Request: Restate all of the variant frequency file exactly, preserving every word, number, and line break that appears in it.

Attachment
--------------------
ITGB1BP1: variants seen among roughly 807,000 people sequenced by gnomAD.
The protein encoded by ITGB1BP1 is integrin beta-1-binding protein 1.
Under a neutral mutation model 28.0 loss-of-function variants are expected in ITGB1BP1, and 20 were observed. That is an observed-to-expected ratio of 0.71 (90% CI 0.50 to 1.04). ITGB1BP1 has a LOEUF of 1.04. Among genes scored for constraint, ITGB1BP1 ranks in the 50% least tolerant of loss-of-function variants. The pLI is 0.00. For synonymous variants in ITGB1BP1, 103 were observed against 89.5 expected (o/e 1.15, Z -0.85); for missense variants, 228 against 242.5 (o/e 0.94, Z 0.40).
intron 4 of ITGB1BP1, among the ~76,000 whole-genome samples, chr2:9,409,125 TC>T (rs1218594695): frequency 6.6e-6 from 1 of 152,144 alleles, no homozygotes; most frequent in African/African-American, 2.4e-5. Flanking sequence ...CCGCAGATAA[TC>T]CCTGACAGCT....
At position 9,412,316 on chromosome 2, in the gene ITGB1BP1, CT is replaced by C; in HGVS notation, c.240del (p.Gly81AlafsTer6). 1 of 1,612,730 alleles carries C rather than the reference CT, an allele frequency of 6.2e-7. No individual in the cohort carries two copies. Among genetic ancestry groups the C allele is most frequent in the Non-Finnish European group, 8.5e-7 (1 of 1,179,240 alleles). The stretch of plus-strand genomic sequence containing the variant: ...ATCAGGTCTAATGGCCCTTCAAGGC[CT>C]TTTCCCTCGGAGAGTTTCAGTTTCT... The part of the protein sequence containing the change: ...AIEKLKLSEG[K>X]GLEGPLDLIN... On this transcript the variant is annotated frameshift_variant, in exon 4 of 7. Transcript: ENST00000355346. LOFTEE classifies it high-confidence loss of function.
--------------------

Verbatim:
ITGB1BP1: variants seen among roughly 807,000 people sequenced by gnomAD.
The protein encoded by ITGB1BP1 is integrin beta-1-binding protein 1.
Under a neutral mutation model 28.0 loss-of-function variants are expected in ITGB1BP1, and 20 were observed. That is an observed-to-expected ratio of 0.71 (90% CI 0.50 to 1.04). ITGB1BP1 has a LOEUF of 1.04. Among genes scored for constraint, ITGB1BP1 ranks in the 50% least tolerant of loss-of-function variants. The pLI is 0.00. For synonymous variants in ITGB1BP1, 103 were observed against 89.5 expected (o/e 1.15, Z -0.85); for missense variants, 228 against 242.5 (o/e 0.94, Z 0.40).
intron 4 of ITGB1BP1, among the ~76,000 whole-genome samples, chr2:9,409,125 TC>T (rs1218594695): frequency 6.6e-6 from 1 of 152,144 alleles, no homozygotes; most frequent in African/African-American, 2.4e-5. Flanking sequence ...CCGCAGATAA[TC>T]CCTGACAGCT....
At position 9,412,316 on chromosome 2, in the gene ITGB1BP1, CT is replaced by C; in HGVS notation, c.240del (p.Gly81AlafsTer6). 1 of 1,612,730 alleles carries C rather than the reference CT, an allele frequency of 6.2e-7. No individual in the cohort carries two copies. Among genetic ancestry groups the C allele is most frequent in the Non-Finnish European group, 8.5e-7 (1 of 1,179,240 alleles). The stretch of plus-strand genomic sequence containing the variant: ...ATCAGGTCTAATGGCCCTTCAAGGC[CT>C]TTTCCCTCGGAGAGTTTCAGTTTCT... The part of the protein sequence containing the change: ...AIEKLKLSEG[K>X]GLEGPLDLIN... On this transcript the variant is annotated frameshift_variant, in exon 4 of 7. Transcript: ENST00000355346. LOFTEE classifies it high-confidence loss of function.